India’s most celebrated cartoonist, Rasipuram Krishnaswamy Iyer Laxman, better known as R. K. Laxman, the creator of the iconic ‘Common Man’, was born on October 24, 1921 in Mysore (now in the state of Karnataka). As a child, Laxman would draw inspiration from looking at illustrations in magazines such as Punch and Bystander. He took to drawing on the floors and walls of his house, practicing by making caricatures of his school teachers.
The British cartoonist David Low’s work influenced him as well. Hilariously, for many years Laxman was under the impression that Low’s signature was ‘cow’.
Laxman hoped to study at Bombay’s J. J. School of Art but was denied admission on the grounds that he lacked “the kind of talent to qualify for enrolment in our institution as a student”. He eventually graduated from the University of Mysore and had simultaneously started contributing cartoons for publications.
He also started to draw illustrations for his brother R. K. Narayan’s stories, along with political cartoons and cartoons for a Kannada humour magazine. In this, Laxman was encouraged by M. Shivaram, a Kannada writer who specialised in satirical articles.
When Laxman worked for The Free Press Journal in Bombay, Bal Thackeray, the founder of the Shiv Sena, was his colleague.
After these short stints in a few newspapers, Laxman joined the Times of India in the early fifties, and that would remain his workplace for the next five decades. It was at the Times of India that he fine-tuned the Common Man with his trademark checked coat and slightly baffled look as he watches life and politics in India. Besides the Common Man, the crow is also a common figure in his cartoons.
Over the decades, Indian politicians provided Laxman with endless ideas for satire. He has often said that politicians may have been bad for the country, but they've been very good for his profession!
Calling him the Times of India’s “mascot”, Outlook magazine in a profile said: “[He pours] gentle but relentless derision on all governments, all parties, all figures presumptuous enough to sit in positions of authority. Go through the published volumes of his cartoons and you realise that if Laxman has any affiliation, it’s with his anti-hero protagonist who looks a little bit like all of us.”
From faceless babus to omnipresent prime ministers, Laxman’s sharp eye and firm lines spared no one. As the Time magazine noted while reviewing a collection of his cartoons: “For half a century, the Times of India has thoughtfully provided an antidote to all the bad news brimming on its front pages. It’s a sketch, a single box, inked by R. K. Laxman, the country’s sharpest cartoonist and political satirist. Each morning, Laxman’s frazzled character, known as the Common Man, confronts India’s latest heartbreak with a kind of wry resignation. Meek, doddering and with a moustache that bristles like an electrocuted mongoose, he’s a witness to everything: scheming politicians, rapacious bureaucrats and gossiping housewives. What’s common about this character is that like most Indians, he sees his country being forced through endless indignities by its leaders and yet doesn't even whimper in protest.”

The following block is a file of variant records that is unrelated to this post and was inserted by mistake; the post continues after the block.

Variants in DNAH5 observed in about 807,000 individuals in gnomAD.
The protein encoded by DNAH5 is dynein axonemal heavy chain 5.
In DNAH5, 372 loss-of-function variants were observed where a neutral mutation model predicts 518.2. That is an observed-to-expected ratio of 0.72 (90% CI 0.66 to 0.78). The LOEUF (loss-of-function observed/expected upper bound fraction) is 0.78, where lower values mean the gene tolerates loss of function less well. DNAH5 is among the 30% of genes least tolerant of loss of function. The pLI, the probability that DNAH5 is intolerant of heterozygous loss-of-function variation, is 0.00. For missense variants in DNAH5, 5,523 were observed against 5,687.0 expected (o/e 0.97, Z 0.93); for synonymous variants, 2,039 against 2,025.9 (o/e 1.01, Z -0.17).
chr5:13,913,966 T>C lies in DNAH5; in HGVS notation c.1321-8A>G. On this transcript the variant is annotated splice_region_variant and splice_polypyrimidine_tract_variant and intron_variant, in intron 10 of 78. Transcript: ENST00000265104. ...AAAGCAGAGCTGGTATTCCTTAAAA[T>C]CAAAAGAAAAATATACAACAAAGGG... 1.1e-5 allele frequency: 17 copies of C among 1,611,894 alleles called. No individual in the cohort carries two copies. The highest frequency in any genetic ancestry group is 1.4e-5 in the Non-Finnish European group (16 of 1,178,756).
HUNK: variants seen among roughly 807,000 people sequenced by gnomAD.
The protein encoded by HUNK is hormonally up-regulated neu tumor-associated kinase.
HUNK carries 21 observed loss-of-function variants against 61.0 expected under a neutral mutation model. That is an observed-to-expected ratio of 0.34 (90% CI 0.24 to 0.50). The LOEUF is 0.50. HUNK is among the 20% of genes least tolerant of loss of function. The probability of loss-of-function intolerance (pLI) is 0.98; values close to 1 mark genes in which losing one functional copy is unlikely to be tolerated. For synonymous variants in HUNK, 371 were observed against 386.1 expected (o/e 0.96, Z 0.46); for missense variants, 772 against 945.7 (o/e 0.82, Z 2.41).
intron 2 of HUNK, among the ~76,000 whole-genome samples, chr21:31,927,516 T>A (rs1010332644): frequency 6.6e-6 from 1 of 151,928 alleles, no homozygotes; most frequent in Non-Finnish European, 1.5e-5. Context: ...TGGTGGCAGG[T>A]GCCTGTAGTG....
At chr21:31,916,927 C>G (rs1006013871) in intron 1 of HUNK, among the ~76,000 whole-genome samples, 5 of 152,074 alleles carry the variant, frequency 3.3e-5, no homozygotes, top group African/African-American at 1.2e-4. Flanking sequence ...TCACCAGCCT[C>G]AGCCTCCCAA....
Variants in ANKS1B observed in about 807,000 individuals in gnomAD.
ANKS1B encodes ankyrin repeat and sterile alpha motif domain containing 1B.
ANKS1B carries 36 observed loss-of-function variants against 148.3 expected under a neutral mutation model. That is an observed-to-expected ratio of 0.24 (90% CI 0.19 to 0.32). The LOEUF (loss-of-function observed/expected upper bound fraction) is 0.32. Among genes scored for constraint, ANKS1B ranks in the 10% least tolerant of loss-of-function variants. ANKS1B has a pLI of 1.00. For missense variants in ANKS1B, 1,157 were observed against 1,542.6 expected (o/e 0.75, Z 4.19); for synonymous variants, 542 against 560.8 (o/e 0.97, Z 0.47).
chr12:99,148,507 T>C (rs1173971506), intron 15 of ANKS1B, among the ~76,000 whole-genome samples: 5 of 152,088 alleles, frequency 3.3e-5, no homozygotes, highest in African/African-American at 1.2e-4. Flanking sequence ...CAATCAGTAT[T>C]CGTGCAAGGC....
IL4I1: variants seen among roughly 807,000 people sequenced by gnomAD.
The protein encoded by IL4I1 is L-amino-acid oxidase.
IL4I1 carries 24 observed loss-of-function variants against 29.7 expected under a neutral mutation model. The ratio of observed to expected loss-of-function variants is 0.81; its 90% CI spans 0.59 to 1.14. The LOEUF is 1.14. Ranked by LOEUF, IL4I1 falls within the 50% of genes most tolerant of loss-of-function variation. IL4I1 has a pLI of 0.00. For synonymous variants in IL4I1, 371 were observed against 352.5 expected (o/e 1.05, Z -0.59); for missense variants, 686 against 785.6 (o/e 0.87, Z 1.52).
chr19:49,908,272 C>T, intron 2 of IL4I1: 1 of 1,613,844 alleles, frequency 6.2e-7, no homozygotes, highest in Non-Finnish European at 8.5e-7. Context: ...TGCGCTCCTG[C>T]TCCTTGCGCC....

A television show, R.K. Laxman Ki Duniya, was telecast on SAB TV. Based on Laxman’s cartoons, it was a comedy show that depicted the life of the common man, who is a silent spectator, witness to all the pains of being Indian.
Laxman suffered a stroke in 1993 and later retired from active work. But for millions of Indians who have grown up seeing his witty take on the country’s problems and politicians every morning, his cartoons are a permanent part of their memories. Describing the beloved Common Man, in an interview to Outlook, Laxman said: “My common man is omnipresent. His simple dhoti and checked coat could be anybody's. His bald head could belong anywhere . . . his dhoti could be the Malayali mundu too. He’s been silent all these 50 years. He simply listens.”
Also on this day:
1926 — Kidar Nath Sahani, Governor of Sikkim and Goa, was born
1991 — Ismat Chughtai, Urdu writer, passed away